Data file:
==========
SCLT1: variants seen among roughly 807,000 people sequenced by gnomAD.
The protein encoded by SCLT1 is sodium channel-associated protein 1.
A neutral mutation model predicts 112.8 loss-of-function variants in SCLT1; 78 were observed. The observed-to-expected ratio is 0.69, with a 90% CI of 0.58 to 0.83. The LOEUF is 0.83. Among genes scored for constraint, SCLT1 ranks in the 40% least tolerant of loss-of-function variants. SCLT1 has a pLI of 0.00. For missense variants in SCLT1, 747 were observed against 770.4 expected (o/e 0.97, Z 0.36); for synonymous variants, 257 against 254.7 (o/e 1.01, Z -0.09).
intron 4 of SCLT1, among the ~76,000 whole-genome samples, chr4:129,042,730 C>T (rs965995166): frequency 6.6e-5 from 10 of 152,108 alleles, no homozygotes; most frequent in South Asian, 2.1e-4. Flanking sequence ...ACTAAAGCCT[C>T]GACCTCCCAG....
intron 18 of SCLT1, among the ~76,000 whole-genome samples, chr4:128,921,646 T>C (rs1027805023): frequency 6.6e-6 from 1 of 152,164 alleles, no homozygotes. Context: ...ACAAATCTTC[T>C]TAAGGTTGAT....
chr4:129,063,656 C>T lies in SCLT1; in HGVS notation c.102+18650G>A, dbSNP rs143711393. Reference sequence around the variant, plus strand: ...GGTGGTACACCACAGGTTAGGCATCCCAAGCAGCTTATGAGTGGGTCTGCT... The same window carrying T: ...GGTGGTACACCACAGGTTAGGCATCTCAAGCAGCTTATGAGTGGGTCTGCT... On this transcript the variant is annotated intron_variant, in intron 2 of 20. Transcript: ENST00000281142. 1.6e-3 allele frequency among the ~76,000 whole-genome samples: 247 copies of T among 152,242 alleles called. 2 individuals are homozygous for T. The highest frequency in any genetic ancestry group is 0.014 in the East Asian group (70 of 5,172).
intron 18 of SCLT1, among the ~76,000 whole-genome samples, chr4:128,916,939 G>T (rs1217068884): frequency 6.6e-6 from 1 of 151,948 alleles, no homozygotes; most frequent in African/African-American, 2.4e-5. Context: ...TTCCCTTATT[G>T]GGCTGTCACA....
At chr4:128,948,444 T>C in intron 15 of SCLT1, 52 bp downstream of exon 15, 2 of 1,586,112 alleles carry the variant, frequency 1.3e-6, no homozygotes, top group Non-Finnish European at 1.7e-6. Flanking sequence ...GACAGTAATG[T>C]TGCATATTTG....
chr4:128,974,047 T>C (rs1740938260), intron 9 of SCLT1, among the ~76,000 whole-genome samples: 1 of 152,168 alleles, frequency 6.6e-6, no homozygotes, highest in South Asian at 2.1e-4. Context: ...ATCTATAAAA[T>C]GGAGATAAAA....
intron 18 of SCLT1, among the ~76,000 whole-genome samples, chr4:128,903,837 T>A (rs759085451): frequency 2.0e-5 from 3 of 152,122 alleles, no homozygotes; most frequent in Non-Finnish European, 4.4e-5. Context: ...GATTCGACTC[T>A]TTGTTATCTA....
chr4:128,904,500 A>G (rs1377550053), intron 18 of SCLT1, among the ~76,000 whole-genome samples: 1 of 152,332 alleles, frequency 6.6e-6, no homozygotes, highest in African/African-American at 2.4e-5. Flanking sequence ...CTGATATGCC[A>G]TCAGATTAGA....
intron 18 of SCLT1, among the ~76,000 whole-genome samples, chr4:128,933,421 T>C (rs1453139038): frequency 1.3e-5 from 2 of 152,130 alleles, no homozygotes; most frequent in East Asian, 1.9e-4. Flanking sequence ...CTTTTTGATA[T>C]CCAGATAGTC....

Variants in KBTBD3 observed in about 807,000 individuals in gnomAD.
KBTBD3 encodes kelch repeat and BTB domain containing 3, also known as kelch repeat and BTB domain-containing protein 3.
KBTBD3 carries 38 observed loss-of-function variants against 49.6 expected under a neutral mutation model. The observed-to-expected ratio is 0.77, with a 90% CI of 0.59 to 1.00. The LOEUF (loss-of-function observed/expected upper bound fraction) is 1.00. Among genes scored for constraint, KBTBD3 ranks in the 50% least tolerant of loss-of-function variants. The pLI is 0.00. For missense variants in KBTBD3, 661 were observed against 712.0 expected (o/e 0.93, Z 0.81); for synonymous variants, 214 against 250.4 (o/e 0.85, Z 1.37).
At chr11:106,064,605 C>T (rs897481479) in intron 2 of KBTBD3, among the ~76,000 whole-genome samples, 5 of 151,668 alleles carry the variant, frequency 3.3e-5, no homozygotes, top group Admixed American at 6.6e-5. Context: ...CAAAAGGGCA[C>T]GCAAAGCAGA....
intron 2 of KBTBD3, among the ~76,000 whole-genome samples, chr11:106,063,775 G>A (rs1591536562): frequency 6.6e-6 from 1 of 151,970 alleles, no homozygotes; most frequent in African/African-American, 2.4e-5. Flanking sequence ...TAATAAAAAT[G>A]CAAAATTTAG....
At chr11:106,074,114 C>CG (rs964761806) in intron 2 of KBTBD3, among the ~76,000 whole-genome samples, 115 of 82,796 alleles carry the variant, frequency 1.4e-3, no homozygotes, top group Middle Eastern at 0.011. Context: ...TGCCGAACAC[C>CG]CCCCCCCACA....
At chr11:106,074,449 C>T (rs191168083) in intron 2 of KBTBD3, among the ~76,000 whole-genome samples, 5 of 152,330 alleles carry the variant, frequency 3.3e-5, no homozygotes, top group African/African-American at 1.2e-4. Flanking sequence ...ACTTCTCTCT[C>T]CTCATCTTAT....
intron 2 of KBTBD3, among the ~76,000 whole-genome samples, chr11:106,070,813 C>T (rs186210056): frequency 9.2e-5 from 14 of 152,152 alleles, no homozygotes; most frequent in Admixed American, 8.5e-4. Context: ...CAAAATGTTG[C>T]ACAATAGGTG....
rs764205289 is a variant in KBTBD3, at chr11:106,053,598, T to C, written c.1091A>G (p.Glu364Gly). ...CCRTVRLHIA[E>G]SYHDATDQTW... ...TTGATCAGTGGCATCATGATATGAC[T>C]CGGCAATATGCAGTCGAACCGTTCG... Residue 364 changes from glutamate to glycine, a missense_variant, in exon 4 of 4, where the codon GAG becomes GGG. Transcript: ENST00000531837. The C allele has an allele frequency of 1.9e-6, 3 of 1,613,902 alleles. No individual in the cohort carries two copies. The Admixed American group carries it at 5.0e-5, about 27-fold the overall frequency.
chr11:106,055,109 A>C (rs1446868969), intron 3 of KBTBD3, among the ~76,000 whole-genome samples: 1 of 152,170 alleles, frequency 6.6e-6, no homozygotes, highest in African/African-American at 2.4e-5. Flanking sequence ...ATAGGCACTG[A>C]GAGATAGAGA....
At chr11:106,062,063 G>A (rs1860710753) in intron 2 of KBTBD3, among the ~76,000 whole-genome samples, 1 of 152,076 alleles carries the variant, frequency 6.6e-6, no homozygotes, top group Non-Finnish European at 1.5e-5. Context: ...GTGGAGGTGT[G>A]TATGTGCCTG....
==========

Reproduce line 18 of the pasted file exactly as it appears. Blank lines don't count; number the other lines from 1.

At chr11:106,074,114 C>CG (rs964761806) in intron 2 of KBTBD3, among the ~76,000 whole-genome samples, 115 of 82,796 alleles carry the variant, frequency 1.4e-3, no homozygotes, top group Middle Eastern at 0.011. Context: ...TGCCGAACAC[C>CG]CCCCCCCACA....